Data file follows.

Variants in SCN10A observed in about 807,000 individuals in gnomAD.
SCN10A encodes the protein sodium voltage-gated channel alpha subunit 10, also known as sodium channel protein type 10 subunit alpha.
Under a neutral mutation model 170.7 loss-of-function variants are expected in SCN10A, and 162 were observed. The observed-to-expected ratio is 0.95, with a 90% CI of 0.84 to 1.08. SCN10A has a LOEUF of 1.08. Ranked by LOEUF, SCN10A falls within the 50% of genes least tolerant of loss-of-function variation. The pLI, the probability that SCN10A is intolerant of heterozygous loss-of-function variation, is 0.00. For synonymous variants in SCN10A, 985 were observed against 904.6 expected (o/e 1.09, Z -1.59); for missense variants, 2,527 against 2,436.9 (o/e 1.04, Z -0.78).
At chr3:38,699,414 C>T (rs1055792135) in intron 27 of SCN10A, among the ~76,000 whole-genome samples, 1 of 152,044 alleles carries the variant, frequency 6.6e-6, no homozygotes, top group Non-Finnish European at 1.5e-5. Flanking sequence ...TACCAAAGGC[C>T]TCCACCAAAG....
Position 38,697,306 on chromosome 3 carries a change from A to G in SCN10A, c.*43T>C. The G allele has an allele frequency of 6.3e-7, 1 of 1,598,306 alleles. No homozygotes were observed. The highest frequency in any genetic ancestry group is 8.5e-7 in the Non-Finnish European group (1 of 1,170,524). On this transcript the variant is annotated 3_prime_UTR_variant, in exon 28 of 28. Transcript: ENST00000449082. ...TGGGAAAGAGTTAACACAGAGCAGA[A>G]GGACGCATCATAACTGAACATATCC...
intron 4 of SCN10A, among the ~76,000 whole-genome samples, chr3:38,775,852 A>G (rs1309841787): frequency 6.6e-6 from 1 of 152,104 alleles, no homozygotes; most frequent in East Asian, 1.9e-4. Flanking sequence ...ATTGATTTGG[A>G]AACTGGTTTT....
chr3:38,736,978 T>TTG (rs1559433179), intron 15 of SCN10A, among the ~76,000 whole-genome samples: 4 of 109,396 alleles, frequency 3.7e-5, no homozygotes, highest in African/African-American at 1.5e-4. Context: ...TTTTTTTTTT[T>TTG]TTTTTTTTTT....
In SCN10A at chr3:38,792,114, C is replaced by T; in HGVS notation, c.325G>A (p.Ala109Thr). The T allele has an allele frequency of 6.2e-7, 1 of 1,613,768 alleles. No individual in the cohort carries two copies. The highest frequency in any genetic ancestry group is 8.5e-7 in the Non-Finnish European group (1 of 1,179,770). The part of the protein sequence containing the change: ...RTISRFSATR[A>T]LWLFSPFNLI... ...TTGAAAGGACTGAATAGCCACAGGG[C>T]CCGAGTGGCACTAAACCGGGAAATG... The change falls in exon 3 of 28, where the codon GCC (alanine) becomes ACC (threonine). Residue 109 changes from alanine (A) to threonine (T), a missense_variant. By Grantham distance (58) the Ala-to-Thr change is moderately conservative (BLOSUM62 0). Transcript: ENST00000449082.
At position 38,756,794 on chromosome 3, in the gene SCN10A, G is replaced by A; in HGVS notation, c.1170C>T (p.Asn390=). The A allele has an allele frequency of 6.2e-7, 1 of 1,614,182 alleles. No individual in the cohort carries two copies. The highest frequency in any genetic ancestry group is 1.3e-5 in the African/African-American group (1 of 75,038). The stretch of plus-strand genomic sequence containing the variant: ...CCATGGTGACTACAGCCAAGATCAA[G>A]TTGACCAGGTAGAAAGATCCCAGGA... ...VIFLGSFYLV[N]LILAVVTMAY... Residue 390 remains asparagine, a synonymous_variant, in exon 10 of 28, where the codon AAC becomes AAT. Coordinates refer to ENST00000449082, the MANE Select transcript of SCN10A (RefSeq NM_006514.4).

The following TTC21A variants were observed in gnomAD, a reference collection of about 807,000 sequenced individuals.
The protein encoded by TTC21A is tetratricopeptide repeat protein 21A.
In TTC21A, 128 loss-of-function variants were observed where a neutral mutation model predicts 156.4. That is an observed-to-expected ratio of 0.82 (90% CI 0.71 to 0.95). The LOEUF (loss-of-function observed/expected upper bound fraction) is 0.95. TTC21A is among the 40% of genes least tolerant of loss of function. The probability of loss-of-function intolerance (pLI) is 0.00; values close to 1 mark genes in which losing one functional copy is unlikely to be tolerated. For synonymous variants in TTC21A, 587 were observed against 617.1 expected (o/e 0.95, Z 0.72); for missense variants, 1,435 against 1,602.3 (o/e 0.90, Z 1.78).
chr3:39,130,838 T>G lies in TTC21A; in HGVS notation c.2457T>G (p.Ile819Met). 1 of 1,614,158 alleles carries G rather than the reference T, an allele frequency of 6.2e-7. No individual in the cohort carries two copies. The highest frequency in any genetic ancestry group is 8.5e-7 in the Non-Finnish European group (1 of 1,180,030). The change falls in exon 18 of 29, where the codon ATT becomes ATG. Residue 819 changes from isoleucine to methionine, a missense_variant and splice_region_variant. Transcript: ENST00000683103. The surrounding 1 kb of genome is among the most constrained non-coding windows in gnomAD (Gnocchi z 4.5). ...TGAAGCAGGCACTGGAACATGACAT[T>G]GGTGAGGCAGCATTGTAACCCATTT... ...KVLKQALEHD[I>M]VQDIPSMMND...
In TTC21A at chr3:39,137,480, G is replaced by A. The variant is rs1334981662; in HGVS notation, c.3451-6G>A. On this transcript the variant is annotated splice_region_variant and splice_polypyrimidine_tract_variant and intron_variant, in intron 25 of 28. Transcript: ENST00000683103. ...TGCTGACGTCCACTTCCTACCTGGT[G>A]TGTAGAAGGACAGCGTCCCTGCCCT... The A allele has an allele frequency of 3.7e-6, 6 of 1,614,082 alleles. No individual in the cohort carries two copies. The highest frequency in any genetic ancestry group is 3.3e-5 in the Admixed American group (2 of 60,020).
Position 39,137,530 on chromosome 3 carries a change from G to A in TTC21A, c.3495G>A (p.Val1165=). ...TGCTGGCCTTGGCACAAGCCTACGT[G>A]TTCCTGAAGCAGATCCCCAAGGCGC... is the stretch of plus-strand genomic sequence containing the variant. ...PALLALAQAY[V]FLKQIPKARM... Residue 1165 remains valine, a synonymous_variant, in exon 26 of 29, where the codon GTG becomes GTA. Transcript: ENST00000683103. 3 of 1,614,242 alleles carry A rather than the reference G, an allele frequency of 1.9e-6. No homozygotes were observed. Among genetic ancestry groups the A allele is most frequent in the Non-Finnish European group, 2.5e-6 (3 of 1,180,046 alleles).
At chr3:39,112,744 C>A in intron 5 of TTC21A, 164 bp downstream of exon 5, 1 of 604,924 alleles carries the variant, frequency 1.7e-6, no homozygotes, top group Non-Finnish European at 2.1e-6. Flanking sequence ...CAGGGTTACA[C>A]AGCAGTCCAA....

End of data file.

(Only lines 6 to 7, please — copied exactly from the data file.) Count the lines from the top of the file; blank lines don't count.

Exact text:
intron 4 of SCN10A, among the ~76,000 whole-genome samples, chr3:38,775,852 A>G (rs1309841787): frequency 6.6e-6 from 1 of 152,104 alleles, no homozygotes; most frequent in East Asian, 1.9e-4. Flanking sequence ...ATTGATTTGG[A>G]AACTGGTTTT....
chr3:38,736,978 T>TTG (rs1559433179), intron 15 of SCN10A, among the ~76,000 whole-genome samples: 4 of 109,396 alleles, frequency 3.7e-5, no homozygotes, highest in African/African-American at 1.5e-4. Context: ...TTTTTTTTTT[T>TTG]TTTTTTTTTT....